Lewis concludes with a defense of Western civilization which he well recognizes the historical faults and failings of. In responding to the charges that it has been the source of the Evils of Imperalism, Racism and Sexism he points out that these terms are of Western origin, and that the West did not invent them but rather identified, related to them and tried to correct them. He writes, "If , to borrow a phrase Western culture does indeed "go",imperialism, sexism and racism will not go with it. More likely casualties will be the freedom to denounce them and the effort to end them."
Excellent historical review of the clash between Muslims and Christains and Jews Jan 21, 2007
The author is an expert on Muslim history and this short book is an essential primer for anyone wanting to understand Muslim history and how it relates to Europe and the west. Helps us understand a little where the Muslims are "coming from" and maybe a little why they feel the way they do.
Truth telling Jan 18, 2007
Most of the media treat us like morons. A state of war requires politicians to be creative with the truth and fanatics to lie outright. Bernard Lewis is one of those rare writers who combines erudition with an obvious respect for the intelligence of the lay reader. To be properly informed citizens we need the truth in all of its complexity. Bernard Lewis gives it to us, as far as he can reasonably ascertain it, in a highly readable fashion. Reading his work shows us that nothing much has changed except our capacity to hurt each other on a much grander scale than ever before balanced by our capacity to understand each other across cultural divides on an equally grand scale. I recommend this work to anybody interested in making sense of out present geoppolitical predicament.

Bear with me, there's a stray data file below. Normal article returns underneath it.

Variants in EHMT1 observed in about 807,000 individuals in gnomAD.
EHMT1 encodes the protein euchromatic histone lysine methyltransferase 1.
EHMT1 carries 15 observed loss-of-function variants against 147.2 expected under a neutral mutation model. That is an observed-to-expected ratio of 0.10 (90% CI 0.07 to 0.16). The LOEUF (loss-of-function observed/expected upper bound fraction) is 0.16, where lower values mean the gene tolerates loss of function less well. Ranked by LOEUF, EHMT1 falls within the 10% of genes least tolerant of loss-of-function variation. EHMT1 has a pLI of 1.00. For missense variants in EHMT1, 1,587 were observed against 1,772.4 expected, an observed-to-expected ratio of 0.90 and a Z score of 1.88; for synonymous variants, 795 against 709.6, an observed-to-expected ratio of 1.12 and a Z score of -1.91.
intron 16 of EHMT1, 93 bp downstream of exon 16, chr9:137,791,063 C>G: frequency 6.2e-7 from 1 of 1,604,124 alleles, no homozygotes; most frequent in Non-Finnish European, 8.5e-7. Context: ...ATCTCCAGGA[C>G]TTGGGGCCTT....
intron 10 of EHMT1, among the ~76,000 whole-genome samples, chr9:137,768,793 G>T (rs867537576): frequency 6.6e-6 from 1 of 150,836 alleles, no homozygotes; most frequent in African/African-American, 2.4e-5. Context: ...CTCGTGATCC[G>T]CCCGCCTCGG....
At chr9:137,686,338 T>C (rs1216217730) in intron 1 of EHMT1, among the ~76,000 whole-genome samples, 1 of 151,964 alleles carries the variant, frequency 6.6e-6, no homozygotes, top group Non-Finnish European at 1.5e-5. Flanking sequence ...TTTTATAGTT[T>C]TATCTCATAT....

A great intro or primer to Islamic Studies Apr 11, 2005
This booklet (a compilation of three speeches given by the author) is a fast and easy read about the state of 3 world cultures (Islam, Jewdaism, Christianity) around 1492 (especially as seen in the Iberian peninsula - Spain, and subsequent world exploration).
It is a great intro (primer) to understanding how the Christian, Muslim and Jewish cultures affected each other and evolved in the late 15th century and into the 16th century. The analysis of how advanced the Muslim culture was and why it stopped advancing and making significant discoveries post-1492 is the gem of this treatise.
Bernard Lewis, a widely read British historian and a Near Eastern Studies Emeritus professor at Princeton University, has written over 20 books about the Muslim world and history of Islam.
I would recommend this for anyone wanting to understand the historical context of the start of deterioration and decline of Muslim influence on world events, and the stagnation of Muslim technical and cultural advancements.